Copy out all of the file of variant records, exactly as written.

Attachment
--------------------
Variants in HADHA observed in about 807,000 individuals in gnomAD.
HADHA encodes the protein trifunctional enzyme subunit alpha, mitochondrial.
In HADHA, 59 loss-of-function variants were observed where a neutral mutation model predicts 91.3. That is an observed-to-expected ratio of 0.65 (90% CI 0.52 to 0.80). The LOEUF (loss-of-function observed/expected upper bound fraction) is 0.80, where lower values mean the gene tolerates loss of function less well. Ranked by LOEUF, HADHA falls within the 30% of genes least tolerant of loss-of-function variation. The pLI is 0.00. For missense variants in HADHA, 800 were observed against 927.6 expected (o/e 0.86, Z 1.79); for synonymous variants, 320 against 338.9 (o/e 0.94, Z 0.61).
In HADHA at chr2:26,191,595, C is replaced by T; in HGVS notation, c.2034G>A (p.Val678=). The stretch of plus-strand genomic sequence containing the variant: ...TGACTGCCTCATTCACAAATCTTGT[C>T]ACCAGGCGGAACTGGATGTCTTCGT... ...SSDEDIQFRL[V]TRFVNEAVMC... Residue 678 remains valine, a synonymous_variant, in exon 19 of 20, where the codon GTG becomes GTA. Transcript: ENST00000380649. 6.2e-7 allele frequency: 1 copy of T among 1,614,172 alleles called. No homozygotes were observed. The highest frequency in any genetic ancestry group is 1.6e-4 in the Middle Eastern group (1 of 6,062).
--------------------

Variants in HADHA observed in about 807,000 individuals in gnomAD.
HADHA encodes the protein trifunctional enzyme subunit alpha, mitochondrial.
In HADHA, 59 loss-of-function variants were observed where a neutral mutation model predicts 91.3. That is an observed-to-expected ratio of 0.65 (90% CI 0.52 to 0.80). The LOEUF (loss-of-function observed/expected upper bound fraction) is 0.80, where lower values mean the gene tolerates loss of function less well. Ranked by LOEUF, HADHA falls within the 30% of genes least tolerant of loss-of-function variation. The pLI is 0.00. For missense variants in HADHA, 800 were observed against 927.6 expected (o/e 0.86, Z 1.79); for synonymous variants, 320 against 338.9 (o/e 0.94, Z 0.61).
In HADHA at chr2:26,191,595, C is replaced by T; in HGVS notation, c.2034G>A (p.Val678=). The stretch of plus-strand genomic sequence containing the variant: ...TGACTGCCTCATTCACAAATCTTGT[C>T]ACCAGGCGGAACTGGATGTCTTCGT... ...SSDEDIQFRL[V]TRFVNEAVMC... Residue 678 remains valine, a synonymous_variant, in exon 19 of 20, where the codon GTG becomes GTA. Transcript: ENST00000380649. 6.2e-7 allele frequency: 1 copy of T among 1,614,172 alleles called. No homozygotes were observed. The highest frequency in any genetic ancestry group is 1.6e-4 in the Middle Eastern group (1 of 6,062).